Opioid prescriptions in Tennessee will soon come with an offer for overdose reversal medication. A new state law awaiting Gov. Bill Lee’s signature requires physicians to be more frank about the risks associated with painkillers.
Overdose reversal drugs like naloxone and Narcan are already available at many pharmacies without a prescription. But Rep. Bob Ramsey, R-Maryville, who sponsored the new law taking effect in July, says it’s about forcing a conversation.
“How many times do we run across people in sports medicine or some kind of injury they’ve had, and they say they got addicted but ‘nobody told me’? So this is an extension of trying to let folks know they are in a precarious situation,” Ramsey said as he introduced the bill to a House committee.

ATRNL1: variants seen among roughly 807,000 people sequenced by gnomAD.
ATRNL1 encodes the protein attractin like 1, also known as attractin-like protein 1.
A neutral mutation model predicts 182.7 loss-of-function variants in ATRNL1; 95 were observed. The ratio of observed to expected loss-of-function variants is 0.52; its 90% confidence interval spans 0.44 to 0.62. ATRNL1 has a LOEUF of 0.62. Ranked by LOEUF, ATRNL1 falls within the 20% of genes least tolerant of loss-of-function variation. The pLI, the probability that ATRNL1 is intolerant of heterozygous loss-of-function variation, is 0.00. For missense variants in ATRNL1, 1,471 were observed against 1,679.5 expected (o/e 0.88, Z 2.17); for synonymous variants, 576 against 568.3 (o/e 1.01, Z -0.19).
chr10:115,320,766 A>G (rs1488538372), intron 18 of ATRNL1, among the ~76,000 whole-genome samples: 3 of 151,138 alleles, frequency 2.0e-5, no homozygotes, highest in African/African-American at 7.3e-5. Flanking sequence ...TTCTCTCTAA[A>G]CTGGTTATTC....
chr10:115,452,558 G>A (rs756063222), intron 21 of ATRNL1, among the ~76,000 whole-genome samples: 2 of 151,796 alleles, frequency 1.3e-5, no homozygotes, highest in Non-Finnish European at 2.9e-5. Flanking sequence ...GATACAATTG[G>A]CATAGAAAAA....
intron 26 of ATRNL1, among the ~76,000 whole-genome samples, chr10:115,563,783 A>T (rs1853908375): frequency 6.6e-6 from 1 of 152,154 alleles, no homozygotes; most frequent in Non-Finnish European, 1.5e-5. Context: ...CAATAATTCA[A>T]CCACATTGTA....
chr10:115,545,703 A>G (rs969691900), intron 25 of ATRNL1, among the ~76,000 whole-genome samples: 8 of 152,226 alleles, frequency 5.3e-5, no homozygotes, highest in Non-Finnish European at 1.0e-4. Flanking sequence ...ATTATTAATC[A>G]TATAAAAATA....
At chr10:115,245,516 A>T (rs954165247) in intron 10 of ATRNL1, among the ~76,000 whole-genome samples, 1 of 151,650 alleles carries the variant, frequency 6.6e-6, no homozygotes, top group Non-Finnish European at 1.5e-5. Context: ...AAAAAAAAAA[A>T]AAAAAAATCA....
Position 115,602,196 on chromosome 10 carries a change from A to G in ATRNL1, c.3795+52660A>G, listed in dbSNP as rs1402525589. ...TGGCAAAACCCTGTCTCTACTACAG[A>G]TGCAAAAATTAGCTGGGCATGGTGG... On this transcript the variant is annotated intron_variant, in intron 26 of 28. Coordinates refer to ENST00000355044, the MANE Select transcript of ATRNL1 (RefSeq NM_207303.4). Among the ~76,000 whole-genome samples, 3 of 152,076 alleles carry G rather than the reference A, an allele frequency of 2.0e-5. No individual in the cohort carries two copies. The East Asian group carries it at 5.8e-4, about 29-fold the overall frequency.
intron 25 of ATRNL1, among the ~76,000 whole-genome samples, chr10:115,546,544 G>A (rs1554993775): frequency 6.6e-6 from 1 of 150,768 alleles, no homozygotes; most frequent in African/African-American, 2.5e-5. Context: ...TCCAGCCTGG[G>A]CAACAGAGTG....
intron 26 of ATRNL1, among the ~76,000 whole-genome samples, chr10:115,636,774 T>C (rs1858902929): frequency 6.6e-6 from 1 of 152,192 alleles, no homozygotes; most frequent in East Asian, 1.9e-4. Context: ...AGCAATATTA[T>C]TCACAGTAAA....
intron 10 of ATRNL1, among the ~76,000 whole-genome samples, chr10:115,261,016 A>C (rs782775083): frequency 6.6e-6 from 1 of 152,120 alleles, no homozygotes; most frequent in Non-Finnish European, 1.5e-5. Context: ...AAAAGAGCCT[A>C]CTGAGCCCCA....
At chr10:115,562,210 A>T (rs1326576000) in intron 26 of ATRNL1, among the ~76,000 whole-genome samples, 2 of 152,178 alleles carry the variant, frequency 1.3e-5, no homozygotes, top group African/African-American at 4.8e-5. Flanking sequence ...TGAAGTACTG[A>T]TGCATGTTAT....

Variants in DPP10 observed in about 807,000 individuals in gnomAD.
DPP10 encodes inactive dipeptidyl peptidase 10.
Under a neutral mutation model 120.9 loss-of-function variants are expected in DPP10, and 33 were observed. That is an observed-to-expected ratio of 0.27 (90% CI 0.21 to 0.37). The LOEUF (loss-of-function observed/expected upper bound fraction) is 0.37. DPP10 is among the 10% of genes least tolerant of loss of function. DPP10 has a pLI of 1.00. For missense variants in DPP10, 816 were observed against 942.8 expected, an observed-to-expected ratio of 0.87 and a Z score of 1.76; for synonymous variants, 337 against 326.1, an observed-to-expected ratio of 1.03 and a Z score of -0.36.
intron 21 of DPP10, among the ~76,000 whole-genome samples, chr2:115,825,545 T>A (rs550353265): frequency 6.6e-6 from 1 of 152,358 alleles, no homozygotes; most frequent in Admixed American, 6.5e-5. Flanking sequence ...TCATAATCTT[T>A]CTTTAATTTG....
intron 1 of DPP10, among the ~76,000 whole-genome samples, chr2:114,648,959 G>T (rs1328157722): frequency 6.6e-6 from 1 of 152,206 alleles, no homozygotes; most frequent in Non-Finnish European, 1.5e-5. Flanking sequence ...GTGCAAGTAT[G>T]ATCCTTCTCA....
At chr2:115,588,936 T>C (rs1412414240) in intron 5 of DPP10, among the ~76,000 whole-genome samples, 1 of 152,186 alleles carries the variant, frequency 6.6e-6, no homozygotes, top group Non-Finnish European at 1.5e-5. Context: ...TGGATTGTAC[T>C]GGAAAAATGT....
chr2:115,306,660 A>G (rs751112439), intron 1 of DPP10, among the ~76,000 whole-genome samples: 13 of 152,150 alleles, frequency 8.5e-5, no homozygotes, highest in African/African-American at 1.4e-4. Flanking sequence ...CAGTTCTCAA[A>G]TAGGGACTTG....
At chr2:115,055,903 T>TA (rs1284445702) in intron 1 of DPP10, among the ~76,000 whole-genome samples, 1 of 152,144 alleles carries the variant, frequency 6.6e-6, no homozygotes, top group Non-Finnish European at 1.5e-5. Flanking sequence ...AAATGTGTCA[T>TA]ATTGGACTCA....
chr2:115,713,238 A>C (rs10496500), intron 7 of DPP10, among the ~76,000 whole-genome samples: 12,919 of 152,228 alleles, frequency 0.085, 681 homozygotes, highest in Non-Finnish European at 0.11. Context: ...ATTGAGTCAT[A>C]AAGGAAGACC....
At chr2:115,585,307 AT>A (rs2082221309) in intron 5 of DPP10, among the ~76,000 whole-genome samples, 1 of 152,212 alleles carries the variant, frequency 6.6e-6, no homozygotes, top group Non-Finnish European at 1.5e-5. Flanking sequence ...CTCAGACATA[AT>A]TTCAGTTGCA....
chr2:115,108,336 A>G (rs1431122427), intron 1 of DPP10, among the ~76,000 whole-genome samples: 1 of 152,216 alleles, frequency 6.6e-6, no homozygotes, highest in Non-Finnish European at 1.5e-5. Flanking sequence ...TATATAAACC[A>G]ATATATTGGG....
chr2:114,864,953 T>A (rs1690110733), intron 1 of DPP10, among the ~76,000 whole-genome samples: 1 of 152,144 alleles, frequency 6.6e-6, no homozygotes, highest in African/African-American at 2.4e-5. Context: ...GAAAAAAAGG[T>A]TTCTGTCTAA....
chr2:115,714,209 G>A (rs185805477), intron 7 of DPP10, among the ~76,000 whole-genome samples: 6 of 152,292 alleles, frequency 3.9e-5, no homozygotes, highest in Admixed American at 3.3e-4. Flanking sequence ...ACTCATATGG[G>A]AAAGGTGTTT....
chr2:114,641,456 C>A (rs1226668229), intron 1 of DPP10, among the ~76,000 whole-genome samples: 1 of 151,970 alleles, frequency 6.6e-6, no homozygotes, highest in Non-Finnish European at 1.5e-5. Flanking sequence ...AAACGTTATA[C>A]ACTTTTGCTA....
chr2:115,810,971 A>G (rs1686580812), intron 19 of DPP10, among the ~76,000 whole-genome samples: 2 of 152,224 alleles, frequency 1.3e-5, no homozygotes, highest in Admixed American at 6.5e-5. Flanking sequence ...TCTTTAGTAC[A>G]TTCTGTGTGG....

The requirement would also include patients being treated with drugs that are intended to help with addiction like Suboxone.
Three factors that would trigger a mandated naloxone offer:
- Prescribing more than a three-day supply of an opioid medication
- Prescribing an opioid concurrently with a benzodiazepine (anti-anxiety medication)
- Patient has an increased risk for overdose because of past drug abuse
The legislation, which passed almost unanimously with virtually no debate, only requires that a naloxone prescription is offered, not written. And there are some exceptions, such as hospice patients.
But the intent is to save more lives. Last year was the deadliest for overdoses in Davidson County — with 15% more fatal overdoses than 2020, the previous record year.